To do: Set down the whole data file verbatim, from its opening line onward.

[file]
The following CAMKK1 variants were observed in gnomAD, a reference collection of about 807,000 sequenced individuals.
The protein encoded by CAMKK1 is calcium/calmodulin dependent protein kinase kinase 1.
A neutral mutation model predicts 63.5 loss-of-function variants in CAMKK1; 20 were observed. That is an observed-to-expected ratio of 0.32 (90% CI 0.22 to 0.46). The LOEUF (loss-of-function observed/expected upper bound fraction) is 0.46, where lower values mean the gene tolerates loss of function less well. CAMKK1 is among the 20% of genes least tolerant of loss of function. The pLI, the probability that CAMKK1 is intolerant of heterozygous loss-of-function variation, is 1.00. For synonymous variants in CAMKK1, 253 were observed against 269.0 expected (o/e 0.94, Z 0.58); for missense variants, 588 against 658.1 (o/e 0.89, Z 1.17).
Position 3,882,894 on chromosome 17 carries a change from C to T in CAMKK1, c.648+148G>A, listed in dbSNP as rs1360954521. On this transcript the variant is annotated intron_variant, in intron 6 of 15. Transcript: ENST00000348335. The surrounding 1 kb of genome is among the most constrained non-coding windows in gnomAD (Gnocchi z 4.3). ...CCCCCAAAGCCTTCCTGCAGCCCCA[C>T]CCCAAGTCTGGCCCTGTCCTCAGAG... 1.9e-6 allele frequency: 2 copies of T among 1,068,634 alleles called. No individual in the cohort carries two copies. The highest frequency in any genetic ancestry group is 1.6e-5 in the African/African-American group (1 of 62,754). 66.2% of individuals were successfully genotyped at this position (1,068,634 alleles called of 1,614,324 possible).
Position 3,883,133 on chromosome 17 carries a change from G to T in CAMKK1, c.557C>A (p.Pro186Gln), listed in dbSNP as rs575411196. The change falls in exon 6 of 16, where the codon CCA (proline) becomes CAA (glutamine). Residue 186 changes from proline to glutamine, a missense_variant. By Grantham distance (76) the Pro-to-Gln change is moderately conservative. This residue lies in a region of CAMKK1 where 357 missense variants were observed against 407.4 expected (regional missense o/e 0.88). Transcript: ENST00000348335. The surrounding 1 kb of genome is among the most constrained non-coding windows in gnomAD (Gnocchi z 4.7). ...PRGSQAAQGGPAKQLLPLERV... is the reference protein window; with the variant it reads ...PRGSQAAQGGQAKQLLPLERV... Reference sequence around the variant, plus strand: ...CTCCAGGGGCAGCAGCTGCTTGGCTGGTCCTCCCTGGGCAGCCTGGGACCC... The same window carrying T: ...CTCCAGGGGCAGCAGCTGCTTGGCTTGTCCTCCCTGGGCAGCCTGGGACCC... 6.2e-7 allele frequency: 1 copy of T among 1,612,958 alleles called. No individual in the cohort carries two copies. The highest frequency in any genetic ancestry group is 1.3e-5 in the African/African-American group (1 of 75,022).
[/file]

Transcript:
The following CAMKK1 variants were observed in gnomAD, a reference collection of about 807,000 sequenced individuals.
The protein encoded by CAMKK1 is calcium/calmodulin dependent protein kinase kinase 1.
A neutral mutation model predicts 63.5 loss-of-function variants in CAMKK1; 20 were observed. That is an observed-to-expected ratio of 0.32 (90% CI 0.22 to 0.46). The LOEUF (loss-of-function observed/expected upper bound fraction) is 0.46, where lower values mean the gene tolerates loss of function less well. CAMKK1 is among the 20% of genes least tolerant of loss of function. The pLI, the probability that CAMKK1 is intolerant of heterozygous loss-of-function variation, is 1.00. For synonymous variants in CAMKK1, 253 were observed against 269.0 expected (o/e 0.94, Z 0.58); for missense variants, 588 against 658.1 (o/e 0.89, Z 1.17).
Position 3,882,894 on chromosome 17 carries a change from C to T in CAMKK1, c.648+148G>A, listed in dbSNP as rs1360954521. On this transcript the variant is annotated intron_variant, in intron 6 of 15. Transcript: ENST00000348335. The surrounding 1 kb of genome is among the most constrained non-coding windows in gnomAD (Gnocchi z 4.3). ...CCCCCAAAGCCTTCCTGCAGCCCCA[C>T]CCCAAGTCTGGCCCTGTCCTCAGAG... 1.9e-6 allele frequency: 2 copies of T among 1,068,634 alleles called. No individual in the cohort carries two copies. The highest frequency in any genetic ancestry group is 1.6e-5 in the African/African-American group (1 of 62,754). 66.2% of individuals were successfully genotyped at this position (1,068,634 alleles called of 1,614,324 possible).
Position 3,883,133 on chromosome 17 carries a change from G to T in CAMKK1, c.557C>A (p.Pro186Gln), listed in dbSNP as rs575411196. The change falls in exon 6 of 16, where the codon CCA (proline) becomes CAA (glutamine). Residue 186 changes from proline to glutamine, a missense_variant. By Grantham distance (76) the Pro-to-Gln change is moderately conservative. This residue lies in a region of CAMKK1 where 357 missense variants were observed against 407.4 expected (regional missense o/e 0.88). Transcript: ENST00000348335. The surrounding 1 kb of genome is among the most constrained non-coding windows in gnomAD (Gnocchi z 4.7). ...PRGSQAAQGGPAKQLLPLERV... is the reference protein window; with the variant it reads ...PRGSQAAQGGQAKQLLPLERV... Reference sequence around the variant, plus strand: ...CTCCAGGGGCAGCAGCTGCTTGGCTGGTCCTCCCTGGGCAGCCTGGGACCC... The same window carrying T: ...CTCCAGGGGCAGCAGCTGCTTGGCTTGTCCTCCCTGGGCAGCCTGGGACCC... 6.2e-7 allele frequency: 1 copy of T among 1,612,958 alleles called. No individual in the cohort carries two copies. The highest frequency in any genetic ancestry group is 1.3e-5 in the African/African-American group (1 of 75,022).